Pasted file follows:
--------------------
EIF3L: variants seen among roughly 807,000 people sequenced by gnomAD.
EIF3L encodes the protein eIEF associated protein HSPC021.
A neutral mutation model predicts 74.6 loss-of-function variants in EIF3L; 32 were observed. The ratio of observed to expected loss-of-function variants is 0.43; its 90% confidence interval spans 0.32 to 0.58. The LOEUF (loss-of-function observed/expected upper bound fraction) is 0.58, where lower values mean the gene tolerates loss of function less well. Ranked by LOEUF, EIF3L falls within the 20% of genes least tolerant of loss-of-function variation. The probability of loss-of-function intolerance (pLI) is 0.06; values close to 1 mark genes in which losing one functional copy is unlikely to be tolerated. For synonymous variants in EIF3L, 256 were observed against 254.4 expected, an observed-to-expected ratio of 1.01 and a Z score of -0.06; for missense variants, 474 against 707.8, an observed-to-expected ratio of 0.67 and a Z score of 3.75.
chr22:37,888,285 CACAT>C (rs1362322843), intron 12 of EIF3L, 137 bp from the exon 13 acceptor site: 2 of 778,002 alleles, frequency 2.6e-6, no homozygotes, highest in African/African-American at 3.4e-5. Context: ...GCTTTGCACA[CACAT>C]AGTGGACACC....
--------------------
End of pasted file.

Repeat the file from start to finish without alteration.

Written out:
EIF3L: variants seen among roughly 807,000 people sequenced by gnomAD.
EIF3L encodes the protein eIEF associated protein HSPC021.
A neutral mutation model predicts 74.6 loss-of-function variants in EIF3L; 32 were observed. The ratio of observed to expected loss-of-function variants is 0.43; its 90% confidence interval spans 0.32 to 0.58. The LOEUF (loss-of-function observed/expected upper bound fraction) is 0.58, where lower values mean the gene tolerates loss of function less well. Ranked by LOEUF, EIF3L falls within the 20% of genes least tolerant of loss-of-function variation. The probability of loss-of-function intolerance (pLI) is 0.06; values close to 1 mark genes in which losing one functional copy is unlikely to be tolerated. For synonymous variants in EIF3L, 256 were observed against 254.4 expected, an observed-to-expected ratio of 1.01 and a Z score of -0.06; for missense variants, 474 against 707.8, an observed-to-expected ratio of 0.67 and a Z score of 3.75.
chr22:37,888,285 CACAT>C (rs1362322843), intron 12 of EIF3L, 137 bp from the exon 13 acceptor site: 2 of 778,002 alleles, frequency 2.6e-6, no homozygotes, highest in African/African-American at 3.4e-5. Context: ...GCTTTGCACA[CACAT>C]AGTGGACACC....